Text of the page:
Without pausing to wonder at this miracle the pilgrim hurried on, loosening his furs. Presently, he was walking among profusely flowering bushes and trees. The grass was a soft carpet beneath his feet and the air lilted with the songs of gaily colored birds by the score.

Despite grim memories of last night, his empty stomach rumbled while he stripped off furs and leggings. Revenge, he thought with bitter practicality, is no reason to go hungry. A breakfast of fruits and berries would be most pleasant indeed.

He soon discovered that for all the profusion of bright flowers, there was naught to eat on any of the bushes or trees. He just could not believe that....

Druin’s eyes narrowed with gathering suspicion. Another damned mystery. Plants that flowered without yielding fruits or berries were the result of human cultivation. A valley filled with such tamely decorative plants here in the middle of the wilderness was more than improbable.

It’s almost as if this whole place is a park, he mused, and felt a little touch of cold at the base of his spine as he followed that thought to its conclusion. Parks have owners. Here I am a trespasser, an intruder.

While topaz sun climbed higher into sapphire sky, Druin moved on, pondering the problem. It was not the only mystery cloaked by the Valley of the Bones. Why did the Norgemen believe that the remains of the very gods lay here? Since the gods still lived, of course, it could only be a vulgar superstition. Still... did most superstitions not usually have some basis in fact?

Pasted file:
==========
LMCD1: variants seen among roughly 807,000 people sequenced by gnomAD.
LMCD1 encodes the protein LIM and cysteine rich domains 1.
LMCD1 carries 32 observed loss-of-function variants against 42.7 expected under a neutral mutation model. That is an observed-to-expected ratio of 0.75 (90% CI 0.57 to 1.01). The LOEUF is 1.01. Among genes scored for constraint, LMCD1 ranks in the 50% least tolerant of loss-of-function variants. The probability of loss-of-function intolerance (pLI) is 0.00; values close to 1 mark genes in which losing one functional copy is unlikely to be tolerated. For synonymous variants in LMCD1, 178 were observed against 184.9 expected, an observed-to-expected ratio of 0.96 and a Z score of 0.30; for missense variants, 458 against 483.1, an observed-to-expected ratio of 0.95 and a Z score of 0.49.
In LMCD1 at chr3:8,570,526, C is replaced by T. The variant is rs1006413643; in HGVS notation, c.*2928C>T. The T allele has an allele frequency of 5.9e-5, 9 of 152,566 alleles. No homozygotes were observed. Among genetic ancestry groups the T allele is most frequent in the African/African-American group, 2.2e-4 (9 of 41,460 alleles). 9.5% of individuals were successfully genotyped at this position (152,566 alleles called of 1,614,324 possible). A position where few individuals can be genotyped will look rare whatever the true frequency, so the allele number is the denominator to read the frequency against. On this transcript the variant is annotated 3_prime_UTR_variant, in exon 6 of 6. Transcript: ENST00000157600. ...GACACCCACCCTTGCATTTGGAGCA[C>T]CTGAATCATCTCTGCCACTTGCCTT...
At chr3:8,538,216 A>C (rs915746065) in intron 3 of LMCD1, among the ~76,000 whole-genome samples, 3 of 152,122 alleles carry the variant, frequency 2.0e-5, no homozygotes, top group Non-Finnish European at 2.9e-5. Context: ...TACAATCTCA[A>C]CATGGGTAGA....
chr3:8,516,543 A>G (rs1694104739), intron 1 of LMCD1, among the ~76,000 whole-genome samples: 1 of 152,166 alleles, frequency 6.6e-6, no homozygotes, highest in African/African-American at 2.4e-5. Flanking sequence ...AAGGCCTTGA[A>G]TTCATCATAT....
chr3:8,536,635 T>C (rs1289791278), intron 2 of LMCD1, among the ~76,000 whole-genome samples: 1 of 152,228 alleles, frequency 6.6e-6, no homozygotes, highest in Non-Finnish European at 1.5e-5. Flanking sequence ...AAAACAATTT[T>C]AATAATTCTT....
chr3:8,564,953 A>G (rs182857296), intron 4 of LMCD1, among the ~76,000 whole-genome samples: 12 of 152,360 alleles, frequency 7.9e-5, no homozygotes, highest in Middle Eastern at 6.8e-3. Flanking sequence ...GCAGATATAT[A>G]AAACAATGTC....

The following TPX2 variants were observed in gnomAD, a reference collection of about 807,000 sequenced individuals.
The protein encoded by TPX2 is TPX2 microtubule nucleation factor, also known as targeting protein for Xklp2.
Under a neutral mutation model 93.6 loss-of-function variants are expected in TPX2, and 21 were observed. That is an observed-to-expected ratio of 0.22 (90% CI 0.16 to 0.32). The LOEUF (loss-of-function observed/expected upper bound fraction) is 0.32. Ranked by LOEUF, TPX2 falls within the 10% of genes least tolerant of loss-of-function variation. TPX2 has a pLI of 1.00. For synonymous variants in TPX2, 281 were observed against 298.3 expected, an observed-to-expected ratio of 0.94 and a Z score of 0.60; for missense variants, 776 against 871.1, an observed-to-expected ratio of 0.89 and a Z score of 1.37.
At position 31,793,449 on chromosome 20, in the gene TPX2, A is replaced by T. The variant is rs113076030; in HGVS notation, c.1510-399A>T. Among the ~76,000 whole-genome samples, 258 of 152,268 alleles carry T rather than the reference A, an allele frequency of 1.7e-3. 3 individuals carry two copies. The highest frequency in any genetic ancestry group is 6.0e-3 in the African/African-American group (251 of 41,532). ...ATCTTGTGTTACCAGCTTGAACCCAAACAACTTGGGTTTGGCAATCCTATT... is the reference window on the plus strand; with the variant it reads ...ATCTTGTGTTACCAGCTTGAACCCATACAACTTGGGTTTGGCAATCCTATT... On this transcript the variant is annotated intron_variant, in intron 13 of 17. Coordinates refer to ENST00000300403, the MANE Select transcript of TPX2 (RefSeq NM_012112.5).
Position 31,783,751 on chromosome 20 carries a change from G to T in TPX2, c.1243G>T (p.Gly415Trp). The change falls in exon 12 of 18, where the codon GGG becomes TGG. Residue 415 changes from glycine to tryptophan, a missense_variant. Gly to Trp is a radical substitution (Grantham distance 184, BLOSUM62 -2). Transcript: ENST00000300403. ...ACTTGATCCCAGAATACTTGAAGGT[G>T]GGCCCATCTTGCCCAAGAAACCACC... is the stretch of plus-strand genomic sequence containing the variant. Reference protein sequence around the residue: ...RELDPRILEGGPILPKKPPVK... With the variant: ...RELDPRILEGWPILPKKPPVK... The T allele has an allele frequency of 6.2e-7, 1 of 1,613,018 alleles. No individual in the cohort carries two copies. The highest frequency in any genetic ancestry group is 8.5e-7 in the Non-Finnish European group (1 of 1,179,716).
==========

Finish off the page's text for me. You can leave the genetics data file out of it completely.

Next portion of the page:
* * *

At midmorning he topped a small rise and stopped to stare at what he saw below him. The lush grass showed the passage of a large animal — or group of men.

Swiftly moving to the track, he knelt to examine it. Within the last few hours, eight men — civilized men, since they wore boots — had come from the far end of the valley and passed this way. Then he discovered a second set of prints: the same men, returning from — somewhere — heavily burdened. For these tracks were deeper, less uniformly straight.

Rising, the young Duke pulled thoughtfully at his abbreviated beard. Perhaps this was no business of his, but he was curious and knew well that things he didn’t understand could hurt him. Eight men had come into the Valley of the Bones to fetch something, and had returned somewhere with that something. What? Why?

Suppose I don’t investigate? The route to my grandfather’s home lies through the far end of this improbable valley, which means I shall overtake eight men I know nothing about. Best I find out what’s going on, first!

Druin set out through the hills at a steady trot. The miles rolled away while he tried to ignore his rumbling belly. Presently, coming around a hummock, he stopped to stare open-mouthed. Before him, he told himself firmly, stood only a building.

But that was like saying that a goddess is only a woman. He gazed upon a simple, unadorned structure of one story only. Though time and the passing ages had marred its beauty and broken many of the once-proud marble columns, still it retained a grace and clean-cut elegance that held Druin in awe.